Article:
Almost all businesses, products and industries face a constant need to evolve, especially when it comes to battling the competition or remaining relevant in a world that is always changing.
But it’s not just the usual suspects that are coming up with and applying innovative ways of staying ahead of the crowd. In the gaming world, one in particular stands out as using a variety of methods to make its presence felt on the modern stage.
That’s right, bingo. Every OAP’s favourite pastime is using music and comedy to reinvent itself as a staple of the millennial entertainment diet. Has it been successful, so far?
Bingo’s transfer to the online sphere
Like many games, it’s easy to see that bingo has translated well into the online and virtual world. A look online will show that the game has been easily ported into a digital counterpart, much like its physical predecessor.
From there, there have been tweaks to attract newer audiences, too. As bingo was often seen as belonging to a generation not well-versed in the use of the internet or mobile devices, a push was made to introduce new elements of gameplay in order to capture the mobile-first audience and enable a demographic shift in its player-base.
This is perhaps best evidenced by the fact that you can play bingo slot games, which essentially act as a crossover between two traditional gambling games. Also known as slingo, these games tap into two separate audiences, bringing them together and allowing a crossover. From there, providers can use different themes, such as Deal or No Deal games, to increase engagement.
The rise and fall of a bingo hall
Why do people play bingo? Do people play it for some of the theatrical elements? Or do they enjoy the competitive nature of it? For the older generation, it provides an opportunity to be social. And this isn’t lost on those trying to reinvent the game for the 20-something age group.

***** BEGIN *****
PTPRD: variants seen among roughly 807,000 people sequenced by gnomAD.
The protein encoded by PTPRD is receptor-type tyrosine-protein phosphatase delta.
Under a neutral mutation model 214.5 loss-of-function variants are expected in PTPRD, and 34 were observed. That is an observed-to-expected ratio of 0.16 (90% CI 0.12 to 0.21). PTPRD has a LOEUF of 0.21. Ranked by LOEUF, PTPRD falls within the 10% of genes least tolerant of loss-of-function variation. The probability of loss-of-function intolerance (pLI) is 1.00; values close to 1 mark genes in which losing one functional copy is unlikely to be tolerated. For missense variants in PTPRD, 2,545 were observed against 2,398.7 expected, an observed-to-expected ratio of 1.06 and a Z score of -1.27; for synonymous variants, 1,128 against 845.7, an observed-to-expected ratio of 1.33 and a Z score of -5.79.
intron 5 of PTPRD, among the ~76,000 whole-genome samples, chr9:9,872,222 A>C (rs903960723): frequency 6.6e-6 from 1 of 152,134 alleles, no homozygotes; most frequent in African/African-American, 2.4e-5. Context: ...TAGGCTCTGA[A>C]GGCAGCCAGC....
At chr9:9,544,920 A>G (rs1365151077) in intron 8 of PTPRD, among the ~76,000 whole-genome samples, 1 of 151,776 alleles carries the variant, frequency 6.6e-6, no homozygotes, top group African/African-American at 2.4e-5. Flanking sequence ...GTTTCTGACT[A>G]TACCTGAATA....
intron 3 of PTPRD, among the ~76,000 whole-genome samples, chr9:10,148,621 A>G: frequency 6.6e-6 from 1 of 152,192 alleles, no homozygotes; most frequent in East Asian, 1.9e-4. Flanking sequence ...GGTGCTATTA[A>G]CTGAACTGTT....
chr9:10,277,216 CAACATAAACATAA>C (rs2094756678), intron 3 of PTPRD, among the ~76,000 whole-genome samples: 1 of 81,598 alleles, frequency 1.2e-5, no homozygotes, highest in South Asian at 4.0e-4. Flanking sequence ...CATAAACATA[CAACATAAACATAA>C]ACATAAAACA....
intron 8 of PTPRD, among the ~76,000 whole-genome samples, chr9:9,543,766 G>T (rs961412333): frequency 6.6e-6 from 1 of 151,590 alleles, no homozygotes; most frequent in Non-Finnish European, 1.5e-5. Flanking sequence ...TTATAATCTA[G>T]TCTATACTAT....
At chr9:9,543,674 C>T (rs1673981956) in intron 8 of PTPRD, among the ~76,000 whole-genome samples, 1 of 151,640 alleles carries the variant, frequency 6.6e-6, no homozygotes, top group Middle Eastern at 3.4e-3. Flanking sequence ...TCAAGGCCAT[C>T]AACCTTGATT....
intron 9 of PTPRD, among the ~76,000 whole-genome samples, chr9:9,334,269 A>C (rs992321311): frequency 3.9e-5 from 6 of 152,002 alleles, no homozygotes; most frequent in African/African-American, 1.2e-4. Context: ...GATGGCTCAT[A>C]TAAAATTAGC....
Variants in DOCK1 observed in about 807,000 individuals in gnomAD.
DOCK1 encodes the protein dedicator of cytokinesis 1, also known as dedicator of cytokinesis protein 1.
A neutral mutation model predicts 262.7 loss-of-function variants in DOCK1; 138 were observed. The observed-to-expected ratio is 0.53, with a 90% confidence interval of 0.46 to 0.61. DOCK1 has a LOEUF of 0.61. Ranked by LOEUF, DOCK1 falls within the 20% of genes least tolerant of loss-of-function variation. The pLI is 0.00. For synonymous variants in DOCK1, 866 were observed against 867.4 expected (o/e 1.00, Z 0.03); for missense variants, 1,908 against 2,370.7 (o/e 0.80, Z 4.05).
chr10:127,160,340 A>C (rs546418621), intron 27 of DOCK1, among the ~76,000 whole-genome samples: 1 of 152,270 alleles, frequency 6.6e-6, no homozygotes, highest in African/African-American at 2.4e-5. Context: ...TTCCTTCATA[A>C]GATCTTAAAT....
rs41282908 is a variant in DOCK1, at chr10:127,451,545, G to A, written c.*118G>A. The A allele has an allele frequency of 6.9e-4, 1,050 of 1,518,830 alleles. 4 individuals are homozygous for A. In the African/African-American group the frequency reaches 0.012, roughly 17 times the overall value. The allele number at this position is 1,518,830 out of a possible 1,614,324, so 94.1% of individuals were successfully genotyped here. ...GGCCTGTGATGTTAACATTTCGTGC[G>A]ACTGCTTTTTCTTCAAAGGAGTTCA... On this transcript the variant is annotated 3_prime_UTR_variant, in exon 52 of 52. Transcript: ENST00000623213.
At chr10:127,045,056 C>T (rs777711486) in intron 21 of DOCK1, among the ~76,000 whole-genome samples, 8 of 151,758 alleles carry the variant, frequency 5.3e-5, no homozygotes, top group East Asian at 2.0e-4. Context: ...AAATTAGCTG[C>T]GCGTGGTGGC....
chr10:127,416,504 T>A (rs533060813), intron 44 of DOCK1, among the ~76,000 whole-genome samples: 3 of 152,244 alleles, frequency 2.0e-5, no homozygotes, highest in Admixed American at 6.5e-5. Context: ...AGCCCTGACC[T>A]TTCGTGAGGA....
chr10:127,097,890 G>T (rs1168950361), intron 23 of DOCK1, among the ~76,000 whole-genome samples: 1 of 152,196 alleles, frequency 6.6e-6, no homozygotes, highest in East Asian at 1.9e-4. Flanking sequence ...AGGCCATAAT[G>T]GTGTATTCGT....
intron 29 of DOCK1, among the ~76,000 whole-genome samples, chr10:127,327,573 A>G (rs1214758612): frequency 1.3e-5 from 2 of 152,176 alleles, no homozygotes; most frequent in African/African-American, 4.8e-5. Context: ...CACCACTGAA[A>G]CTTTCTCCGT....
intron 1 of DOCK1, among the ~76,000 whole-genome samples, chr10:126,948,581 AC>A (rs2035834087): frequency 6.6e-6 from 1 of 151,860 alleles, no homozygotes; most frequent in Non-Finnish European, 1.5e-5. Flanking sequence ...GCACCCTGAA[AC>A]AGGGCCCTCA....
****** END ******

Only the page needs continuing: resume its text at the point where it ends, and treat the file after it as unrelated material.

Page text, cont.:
Across the UK, bingo halls were once at the forefront of communities and a social scene but this popularity has obviously waned in recent years. However, while the traditional halls of yesteryear may not take pride of place on every high street or in every community anymore, that doesn’t mean that socialisation isn’t front and centre when it comes to the games newer iterations.
Bongo’s Bingo, perhaps the most talked-about example of new bingo, is played in theatres and concert venues across the UK. It has also become hugely popular, containing a mix of bingo with elements of a rave and even a stage show. There’s evidence that they are attracting people who might be otherwise going to nightclubs or music events. Its popularity has seen it move into other parts of the world and the operators are now performing at events such as Ibiza Rocks and in other parts of Europe.
Comedy breaking bingo boundaries
Away from Bongo’s Bingo, another event that is revolutionising the game is Drag Queen Bingo. With the recent boom in popularity that drag acts are seeing, it is unsurprising that this has also been introduced into the area of social gaming. It’s evidence that comedy and theatricality are seen as future avenues for the game to fully go down.
Bingo as a game will always be popular but it has developed since its early beginnings, and it now has more competition in terms of other leisure activities. This could partly explain the popularity and demand for these hybrid events across Europe. People still enjoy playing the game but like to mix things up a bit.
It will be interesting to see if the game can inspire others to follow suit. Could we see the music and comedic elements of those events added to other classic games across the world?